Calculation of the percolation water rates on an annual and monthly basis, and forecast changes due to climate change
Water balance data calculated with the ABIMO model provide a 30 year long-term mean value. However, in reality, the values fluctuate considerably on an annual basis, depending on the precipitation levels, and are also subject to fluctuations over the course of a year. In the present research project, percolation water rates were calculated with a considerably higher temporal resolution.
The results presented below were developed in the context of the Inka BB research project of the German Federal Ministry for Education and Research (Subsidy Code 01LR0803C), Subproject 23. INKA BB is the acronym for the Berlin-Brandenburg Climate Adaptation Innovation Network (www.inka-bb.de/). In this research project, which was broken down into 24 subprojects, subproject 23 addressed technologies for climate adapted water management in urban areas in the context of climate change. For this purpose, the climate scenarios developed by the project partner Potsdam Institute for Climate Impact Research (PIK) were incorporated into the various models in order to make statements on issues relevant for water management.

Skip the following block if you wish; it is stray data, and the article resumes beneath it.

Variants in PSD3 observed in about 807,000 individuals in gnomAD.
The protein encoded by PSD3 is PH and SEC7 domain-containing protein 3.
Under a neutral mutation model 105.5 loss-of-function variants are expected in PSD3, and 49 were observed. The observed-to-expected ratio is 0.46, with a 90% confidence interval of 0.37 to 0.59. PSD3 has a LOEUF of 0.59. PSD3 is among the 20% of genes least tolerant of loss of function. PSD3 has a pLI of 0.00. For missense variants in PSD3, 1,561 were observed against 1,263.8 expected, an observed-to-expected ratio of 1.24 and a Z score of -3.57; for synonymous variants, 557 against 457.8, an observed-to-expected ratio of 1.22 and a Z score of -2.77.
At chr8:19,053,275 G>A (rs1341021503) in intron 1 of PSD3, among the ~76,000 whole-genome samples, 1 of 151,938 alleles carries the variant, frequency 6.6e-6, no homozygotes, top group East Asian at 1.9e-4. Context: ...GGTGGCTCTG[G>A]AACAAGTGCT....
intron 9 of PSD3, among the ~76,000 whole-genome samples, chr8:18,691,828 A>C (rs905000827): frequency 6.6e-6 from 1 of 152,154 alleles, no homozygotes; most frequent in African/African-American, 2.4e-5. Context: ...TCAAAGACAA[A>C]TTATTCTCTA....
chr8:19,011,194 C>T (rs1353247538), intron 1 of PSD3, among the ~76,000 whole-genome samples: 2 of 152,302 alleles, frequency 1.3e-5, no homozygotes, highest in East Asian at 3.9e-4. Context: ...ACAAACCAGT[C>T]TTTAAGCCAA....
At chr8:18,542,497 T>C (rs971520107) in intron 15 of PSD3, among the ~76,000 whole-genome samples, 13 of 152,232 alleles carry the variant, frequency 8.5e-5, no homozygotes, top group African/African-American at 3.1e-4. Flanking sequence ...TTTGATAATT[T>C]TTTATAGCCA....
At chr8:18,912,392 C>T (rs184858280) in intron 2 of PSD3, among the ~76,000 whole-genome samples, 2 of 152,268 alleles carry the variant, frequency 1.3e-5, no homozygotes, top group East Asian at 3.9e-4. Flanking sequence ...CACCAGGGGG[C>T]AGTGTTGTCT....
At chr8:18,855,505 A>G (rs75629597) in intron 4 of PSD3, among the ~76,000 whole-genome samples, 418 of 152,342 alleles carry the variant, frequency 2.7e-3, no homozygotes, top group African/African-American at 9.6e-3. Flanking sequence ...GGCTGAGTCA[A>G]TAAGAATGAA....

The input data adopted comprised the land-use categories (cf. Maps 06.01 and 06.02, 2008 edition), the classified degree of impervious coverage (cf. Map 01.02, 2007 edition), the classified depth to groundwater (cf. Map 02.07, 2010 edition), and such soil parameters as usable field capacity and Kf values from the data base of the Berlin Environmental Atlas (cf. Map 01.06, 2009 edition), for approx. 25,000 polygons. Additional soil parameters, such as porosity, were substantiated by reference to the soil associations in the Environmental Atlas (cf. Map 01.01, 2009 edition), using values from the Soil Scientific Mapping Guideline (BGR, 2005). In case of incomplete data sets, plausible assumptions were made, or data was taken from already completed DHI-WASY projects. The result was that 78 different soil types, 156 soil textures, 12 depth-to-groundwater classes and 775 land-use classes were obtained.
The climate data used were the daily data for precipitation and potential evaporation from 11 precipitation stations in Berlin and the surrounding area. The climate data was gathered by the DWD and made available by the PIK in the context of the INKA BB research project. In order to be able to correctly represent the spatially differentiated distribution of precipitation in Berlin and the surrounding areas (cf. Map 04.08, 1994 edition), the climate data were extracted by means of inverse distance weighting (a geostatistical procedure) for 19 precipitation zones. The spatial distribution of the precipitation zones is shown in Figure 5.